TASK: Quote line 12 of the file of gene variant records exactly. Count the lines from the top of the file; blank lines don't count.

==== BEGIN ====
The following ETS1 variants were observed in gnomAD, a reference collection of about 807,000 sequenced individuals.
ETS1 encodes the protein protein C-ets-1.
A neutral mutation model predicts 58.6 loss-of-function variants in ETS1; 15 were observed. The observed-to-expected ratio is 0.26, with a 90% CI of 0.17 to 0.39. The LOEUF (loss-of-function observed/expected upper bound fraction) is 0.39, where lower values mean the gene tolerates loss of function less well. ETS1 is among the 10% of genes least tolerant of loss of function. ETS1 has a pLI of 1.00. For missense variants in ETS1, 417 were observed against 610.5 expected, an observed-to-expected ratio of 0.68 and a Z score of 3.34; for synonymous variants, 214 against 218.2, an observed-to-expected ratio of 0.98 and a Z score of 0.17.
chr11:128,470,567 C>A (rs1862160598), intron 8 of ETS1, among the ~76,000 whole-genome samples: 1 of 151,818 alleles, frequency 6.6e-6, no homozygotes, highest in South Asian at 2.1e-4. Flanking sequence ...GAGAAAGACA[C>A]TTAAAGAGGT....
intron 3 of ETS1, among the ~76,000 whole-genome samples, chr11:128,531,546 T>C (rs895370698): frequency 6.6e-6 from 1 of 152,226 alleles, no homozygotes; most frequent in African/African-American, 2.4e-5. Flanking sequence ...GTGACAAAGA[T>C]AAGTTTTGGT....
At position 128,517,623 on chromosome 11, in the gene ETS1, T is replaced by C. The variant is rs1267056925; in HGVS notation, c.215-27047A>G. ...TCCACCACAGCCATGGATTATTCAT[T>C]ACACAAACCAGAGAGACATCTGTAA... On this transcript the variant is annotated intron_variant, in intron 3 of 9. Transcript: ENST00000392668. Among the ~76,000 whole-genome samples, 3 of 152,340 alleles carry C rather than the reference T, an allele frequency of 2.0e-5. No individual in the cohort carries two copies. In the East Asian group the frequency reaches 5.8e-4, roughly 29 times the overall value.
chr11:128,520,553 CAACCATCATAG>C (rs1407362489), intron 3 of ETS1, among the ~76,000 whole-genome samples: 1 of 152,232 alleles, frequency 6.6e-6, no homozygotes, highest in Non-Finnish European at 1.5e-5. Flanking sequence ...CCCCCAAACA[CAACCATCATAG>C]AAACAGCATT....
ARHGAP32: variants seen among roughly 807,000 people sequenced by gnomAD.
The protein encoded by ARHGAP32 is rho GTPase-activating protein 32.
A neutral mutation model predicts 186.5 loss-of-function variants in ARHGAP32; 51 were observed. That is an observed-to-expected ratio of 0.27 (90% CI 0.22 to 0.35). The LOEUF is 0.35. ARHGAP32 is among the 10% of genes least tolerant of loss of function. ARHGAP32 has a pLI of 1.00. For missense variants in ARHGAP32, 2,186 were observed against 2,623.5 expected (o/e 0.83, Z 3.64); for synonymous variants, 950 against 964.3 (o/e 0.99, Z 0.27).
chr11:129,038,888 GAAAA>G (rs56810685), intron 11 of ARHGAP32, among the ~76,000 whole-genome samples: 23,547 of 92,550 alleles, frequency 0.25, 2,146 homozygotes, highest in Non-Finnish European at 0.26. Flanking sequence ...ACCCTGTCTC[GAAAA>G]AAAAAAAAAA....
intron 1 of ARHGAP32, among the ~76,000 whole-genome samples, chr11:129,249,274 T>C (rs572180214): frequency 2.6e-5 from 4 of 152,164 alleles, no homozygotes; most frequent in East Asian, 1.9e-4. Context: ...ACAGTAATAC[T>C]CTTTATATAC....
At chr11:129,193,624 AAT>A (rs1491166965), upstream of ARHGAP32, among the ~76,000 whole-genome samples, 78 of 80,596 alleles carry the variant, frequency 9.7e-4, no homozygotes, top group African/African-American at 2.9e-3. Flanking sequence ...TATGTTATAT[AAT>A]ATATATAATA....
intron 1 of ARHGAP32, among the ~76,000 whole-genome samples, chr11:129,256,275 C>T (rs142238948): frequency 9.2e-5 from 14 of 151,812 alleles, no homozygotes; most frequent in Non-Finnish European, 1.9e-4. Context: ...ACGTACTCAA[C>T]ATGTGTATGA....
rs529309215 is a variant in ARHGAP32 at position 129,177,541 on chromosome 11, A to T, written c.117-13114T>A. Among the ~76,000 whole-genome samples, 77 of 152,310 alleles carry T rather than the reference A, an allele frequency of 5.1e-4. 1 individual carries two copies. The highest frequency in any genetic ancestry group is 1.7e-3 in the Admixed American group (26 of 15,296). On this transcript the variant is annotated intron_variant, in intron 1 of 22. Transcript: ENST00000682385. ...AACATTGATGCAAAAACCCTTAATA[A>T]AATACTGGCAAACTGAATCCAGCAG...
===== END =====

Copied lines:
intron 1 of ARHGAP32, among the ~76,000 whole-genome samples, chr11:129,249,274 T>C (rs572180214): frequency 2.6e-5 from 4 of 152,164 alleles, no homozygotes; most frequent in East Asian, 1.9e-4. Context: ...ACAGTAATAC[T>C]CTTTATATAC....